management information systems n.
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  1. Presented by Neels Bothma MANAGEMENT INFORMATION SYSTEMS 26 January 2006

  2. What is information? Why do you need information Characteristics of information Information and managers Uptake of information in the new economy Key challenges Information systems Information in organisations Information as a key resource Nature of managerial work Types of information systems Information systems in functional areas Effectiveness and efficiency Groupware, telecomms, networks & protocols System Development Lifecycle Project Management System integration TOPICS FOR THE DAY

  3. TOPICS FOR THE DAY • The Internet • Intranets and Extranets • E-commerce • B2B and B2C e-commerce • Search engines and the role of portals • E-government • What is e-government • E-government services • Critical e-government factors • Human resources for e-gov • Implementing e-government • Ethics & information

  4. The word information is derived from Latin informare which means "give form to". Information can thus be defined as data that has been processed, manipulated and organised in a way suitable for human interpretation and that adds to the knowledge of the person receiving it Information is usually compiled in response to a specific need and often with the purpose of revealing trends or patterns WHAT IS INFORMATION?

  5. Data can be defined as “a collection of facts from which conclusions may be drawn” Put another way, data are distinct pieces of factual information used as a basis for reasoning; a “given” or fact; a number, a statement, or a picture, discussion, or calculation Data is the raw material – the input – of information WHAT IS DATA?

  6. Knowledge is "a fluid mix of experience, values, contextual information, and expert insight that provides a framework for evaluating and incorporating new experiences and information.“ Knowledge can further be described as the awareness and understanding of interconnected details, facts, truths or information gained through experience or learning, which, in isolation, are of lesser value. In other words, knowledge is about what one knows and understands WHAT IS KNOWLEDGE?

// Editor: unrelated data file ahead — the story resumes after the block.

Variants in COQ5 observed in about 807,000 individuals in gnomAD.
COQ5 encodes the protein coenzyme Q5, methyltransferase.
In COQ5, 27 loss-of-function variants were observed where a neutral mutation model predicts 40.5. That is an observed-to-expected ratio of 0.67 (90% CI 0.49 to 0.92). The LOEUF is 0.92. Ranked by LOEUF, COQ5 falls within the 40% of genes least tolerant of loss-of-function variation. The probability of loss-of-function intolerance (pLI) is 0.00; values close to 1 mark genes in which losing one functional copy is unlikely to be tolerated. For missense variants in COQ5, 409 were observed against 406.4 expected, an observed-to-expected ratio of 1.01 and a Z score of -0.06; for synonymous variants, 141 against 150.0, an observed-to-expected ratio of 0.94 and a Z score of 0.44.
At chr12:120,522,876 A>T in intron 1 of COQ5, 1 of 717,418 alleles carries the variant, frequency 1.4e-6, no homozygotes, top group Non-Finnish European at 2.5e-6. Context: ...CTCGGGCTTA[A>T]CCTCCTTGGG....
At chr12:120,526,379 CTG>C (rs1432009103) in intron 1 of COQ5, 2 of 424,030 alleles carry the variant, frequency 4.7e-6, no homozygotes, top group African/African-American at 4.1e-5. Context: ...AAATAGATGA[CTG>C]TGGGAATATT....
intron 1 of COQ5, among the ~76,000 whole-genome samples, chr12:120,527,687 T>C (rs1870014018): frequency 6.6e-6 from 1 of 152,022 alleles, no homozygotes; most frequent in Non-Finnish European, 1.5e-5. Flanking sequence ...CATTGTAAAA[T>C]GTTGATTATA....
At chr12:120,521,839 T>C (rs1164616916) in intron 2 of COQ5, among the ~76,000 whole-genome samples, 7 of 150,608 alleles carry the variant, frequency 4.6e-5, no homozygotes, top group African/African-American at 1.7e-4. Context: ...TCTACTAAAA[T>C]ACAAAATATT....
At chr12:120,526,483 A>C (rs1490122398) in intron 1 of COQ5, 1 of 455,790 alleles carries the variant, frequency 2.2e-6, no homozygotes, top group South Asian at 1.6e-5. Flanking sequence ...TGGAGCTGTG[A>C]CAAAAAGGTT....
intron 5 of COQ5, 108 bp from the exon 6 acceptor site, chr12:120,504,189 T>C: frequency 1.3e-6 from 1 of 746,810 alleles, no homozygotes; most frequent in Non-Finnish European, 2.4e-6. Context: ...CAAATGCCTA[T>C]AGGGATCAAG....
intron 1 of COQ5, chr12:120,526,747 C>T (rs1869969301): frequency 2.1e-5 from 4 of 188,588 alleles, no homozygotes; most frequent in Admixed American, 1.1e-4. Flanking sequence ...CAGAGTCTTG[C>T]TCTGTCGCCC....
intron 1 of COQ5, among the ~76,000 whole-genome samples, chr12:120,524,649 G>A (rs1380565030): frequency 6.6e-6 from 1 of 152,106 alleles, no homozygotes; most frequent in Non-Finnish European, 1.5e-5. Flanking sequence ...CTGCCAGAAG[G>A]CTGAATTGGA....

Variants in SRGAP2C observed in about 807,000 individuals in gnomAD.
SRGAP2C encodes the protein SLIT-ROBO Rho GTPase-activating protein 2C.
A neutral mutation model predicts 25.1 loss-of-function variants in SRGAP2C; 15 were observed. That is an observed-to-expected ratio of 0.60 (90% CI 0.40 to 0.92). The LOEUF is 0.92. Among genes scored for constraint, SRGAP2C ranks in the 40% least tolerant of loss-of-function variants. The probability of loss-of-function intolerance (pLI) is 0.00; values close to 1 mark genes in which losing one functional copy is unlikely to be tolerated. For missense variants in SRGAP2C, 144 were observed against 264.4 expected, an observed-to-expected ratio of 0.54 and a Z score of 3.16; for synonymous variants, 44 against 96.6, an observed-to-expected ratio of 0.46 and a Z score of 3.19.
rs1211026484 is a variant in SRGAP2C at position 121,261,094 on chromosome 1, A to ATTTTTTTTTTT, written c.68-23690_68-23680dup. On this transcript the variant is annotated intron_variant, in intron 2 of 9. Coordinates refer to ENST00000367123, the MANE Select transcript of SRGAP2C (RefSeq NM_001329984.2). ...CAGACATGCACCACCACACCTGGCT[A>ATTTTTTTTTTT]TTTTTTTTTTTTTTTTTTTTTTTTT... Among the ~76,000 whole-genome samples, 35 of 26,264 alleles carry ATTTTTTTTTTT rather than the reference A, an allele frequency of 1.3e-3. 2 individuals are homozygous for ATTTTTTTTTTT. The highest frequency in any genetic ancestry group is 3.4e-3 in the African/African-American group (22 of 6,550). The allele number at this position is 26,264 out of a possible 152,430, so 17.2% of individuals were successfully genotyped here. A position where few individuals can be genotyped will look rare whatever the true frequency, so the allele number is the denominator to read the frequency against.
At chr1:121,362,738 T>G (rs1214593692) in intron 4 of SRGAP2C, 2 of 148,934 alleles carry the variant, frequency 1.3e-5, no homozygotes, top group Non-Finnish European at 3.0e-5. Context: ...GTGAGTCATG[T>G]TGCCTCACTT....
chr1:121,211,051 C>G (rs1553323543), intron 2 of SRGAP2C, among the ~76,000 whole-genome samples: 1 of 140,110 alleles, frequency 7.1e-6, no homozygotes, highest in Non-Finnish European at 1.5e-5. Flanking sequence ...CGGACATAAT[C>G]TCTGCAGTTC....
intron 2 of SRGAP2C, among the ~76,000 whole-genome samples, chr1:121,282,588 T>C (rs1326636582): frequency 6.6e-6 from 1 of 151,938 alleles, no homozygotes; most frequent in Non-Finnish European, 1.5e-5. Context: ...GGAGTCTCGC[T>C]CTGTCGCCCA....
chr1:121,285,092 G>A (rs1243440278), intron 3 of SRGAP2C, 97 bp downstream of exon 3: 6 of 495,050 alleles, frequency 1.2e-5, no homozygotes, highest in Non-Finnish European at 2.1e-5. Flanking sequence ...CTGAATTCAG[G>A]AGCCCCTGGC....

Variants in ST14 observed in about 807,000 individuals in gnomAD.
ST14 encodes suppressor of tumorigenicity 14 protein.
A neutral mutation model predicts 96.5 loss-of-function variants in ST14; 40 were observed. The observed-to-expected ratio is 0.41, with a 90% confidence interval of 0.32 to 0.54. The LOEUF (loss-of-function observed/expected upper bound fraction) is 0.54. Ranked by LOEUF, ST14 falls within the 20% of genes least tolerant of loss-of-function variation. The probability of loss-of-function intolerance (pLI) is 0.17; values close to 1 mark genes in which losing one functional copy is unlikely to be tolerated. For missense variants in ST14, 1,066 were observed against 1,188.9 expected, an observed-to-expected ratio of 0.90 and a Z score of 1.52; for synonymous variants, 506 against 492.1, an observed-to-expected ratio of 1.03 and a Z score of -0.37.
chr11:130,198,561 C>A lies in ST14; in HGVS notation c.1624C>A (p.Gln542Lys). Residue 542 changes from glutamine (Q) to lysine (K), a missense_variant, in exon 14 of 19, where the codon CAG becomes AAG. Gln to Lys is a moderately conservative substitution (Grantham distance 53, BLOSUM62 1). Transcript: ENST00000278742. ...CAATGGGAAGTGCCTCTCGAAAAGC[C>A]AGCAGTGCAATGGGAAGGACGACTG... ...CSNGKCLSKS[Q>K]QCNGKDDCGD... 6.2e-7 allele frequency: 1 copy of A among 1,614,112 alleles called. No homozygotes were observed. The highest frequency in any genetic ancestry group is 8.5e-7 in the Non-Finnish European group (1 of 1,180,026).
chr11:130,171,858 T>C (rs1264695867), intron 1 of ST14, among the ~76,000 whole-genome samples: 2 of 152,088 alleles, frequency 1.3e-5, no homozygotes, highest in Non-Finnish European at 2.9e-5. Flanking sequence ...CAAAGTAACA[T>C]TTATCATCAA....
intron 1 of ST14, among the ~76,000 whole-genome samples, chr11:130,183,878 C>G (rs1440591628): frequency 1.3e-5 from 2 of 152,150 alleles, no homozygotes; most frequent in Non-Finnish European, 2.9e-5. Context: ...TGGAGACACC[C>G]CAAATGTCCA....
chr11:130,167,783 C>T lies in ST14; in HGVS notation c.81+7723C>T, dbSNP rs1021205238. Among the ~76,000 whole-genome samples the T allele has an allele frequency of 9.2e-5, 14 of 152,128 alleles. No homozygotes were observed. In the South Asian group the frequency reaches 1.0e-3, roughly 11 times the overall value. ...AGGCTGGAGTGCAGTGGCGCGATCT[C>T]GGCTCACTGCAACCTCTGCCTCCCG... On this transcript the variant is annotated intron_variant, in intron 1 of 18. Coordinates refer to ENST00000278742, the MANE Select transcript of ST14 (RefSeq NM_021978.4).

7. Knowledge can be categorised as either unstructured or structured or explicit or tacit. What one knows one knows is explicit knowledge. Knowledge that is unstructured and understood, but not clearly expressed is implicit knowledge. If the knowledge is organised and easy to share then it is called structured knowledge. To convert implicit knowledge into explicit knowledge, it must be extracted and formatted WHAT IS KNOWLEDGE…cont?

  8. Decision-making Problem-solving Entertainment Enlightenment WHY DO PEOPLE NEED INFORMATION?

  9. Politics Development and control of Information Systems often involves problematic politics Power Information affords power which can be problematic Who owns the system? Who pays for developing the system? Who accesses what information? Who has update privileges? INFORMATION, POLITICS, AND POWER

  10. Competition 24x7 Global village Travel Television THE UPTAKE OF INFORMATION Emergence of the global economy